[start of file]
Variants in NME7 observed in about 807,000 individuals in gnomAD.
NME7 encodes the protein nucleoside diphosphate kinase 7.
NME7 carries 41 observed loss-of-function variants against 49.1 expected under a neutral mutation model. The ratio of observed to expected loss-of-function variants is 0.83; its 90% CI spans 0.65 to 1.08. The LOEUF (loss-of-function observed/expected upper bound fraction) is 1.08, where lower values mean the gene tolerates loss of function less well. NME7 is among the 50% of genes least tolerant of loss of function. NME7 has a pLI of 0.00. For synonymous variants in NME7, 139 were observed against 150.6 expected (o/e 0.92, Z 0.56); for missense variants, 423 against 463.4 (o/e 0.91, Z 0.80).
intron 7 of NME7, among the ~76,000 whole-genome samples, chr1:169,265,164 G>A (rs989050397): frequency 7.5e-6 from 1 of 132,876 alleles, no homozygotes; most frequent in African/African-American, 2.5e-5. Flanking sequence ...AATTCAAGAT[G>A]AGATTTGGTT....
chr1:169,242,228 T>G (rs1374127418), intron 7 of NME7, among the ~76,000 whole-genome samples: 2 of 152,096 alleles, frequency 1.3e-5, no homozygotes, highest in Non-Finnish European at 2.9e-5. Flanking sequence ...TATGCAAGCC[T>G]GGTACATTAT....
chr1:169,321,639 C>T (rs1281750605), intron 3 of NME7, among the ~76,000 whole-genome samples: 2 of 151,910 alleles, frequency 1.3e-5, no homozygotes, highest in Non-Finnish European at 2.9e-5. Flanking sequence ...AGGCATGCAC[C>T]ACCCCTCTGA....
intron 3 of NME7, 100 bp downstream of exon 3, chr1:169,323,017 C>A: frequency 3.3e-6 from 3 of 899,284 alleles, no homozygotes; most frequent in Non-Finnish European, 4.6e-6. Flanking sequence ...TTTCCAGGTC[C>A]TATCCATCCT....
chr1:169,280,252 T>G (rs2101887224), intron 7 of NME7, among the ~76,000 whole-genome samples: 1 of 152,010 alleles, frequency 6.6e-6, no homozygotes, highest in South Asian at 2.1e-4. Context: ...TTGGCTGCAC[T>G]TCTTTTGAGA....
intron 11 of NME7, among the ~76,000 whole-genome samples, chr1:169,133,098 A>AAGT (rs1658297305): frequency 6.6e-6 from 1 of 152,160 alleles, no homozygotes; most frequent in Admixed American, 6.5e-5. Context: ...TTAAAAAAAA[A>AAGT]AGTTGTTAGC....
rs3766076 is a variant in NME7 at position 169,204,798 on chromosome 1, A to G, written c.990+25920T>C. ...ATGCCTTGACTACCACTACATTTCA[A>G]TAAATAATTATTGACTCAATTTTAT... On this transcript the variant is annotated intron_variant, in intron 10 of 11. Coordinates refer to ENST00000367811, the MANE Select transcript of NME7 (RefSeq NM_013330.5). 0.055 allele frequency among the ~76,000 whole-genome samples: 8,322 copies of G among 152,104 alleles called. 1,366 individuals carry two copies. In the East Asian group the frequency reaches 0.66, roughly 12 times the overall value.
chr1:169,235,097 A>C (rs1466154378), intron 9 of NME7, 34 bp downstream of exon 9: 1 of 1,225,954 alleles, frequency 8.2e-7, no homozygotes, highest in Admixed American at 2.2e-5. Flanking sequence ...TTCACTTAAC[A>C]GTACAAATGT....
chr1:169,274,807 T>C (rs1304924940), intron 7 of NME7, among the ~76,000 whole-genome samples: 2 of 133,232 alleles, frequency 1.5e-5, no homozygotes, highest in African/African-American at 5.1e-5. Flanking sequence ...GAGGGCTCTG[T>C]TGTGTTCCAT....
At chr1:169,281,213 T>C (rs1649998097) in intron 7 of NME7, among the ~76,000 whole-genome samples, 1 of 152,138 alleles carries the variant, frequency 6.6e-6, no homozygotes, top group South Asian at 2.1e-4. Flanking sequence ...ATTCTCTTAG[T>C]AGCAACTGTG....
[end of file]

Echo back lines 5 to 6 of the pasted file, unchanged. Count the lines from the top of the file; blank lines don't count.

chr1:169,242,228 T>G (rs1374127418), intron 7 of NME7, among the ~76,000 whole-genome samples: 2 of 152,096 alleles, frequency 1.3e-5, no homozygotes, highest in Non-Finnish European at 2.9e-5. Flanking sequence ...TATGCAAGCC[T>G]GGTACATTAT....
chr1:169,321,639 C>T (rs1281750605), intron 3 of NME7, among the ~76,000 whole-genome samples: 2 of 151,910 alleles, frequency 1.3e-5, no homozygotes, highest in Non-Finnish European at 2.9e-5. Flanking sequence ...AGGCATGCAC[C>T]ACCCCTCTGA....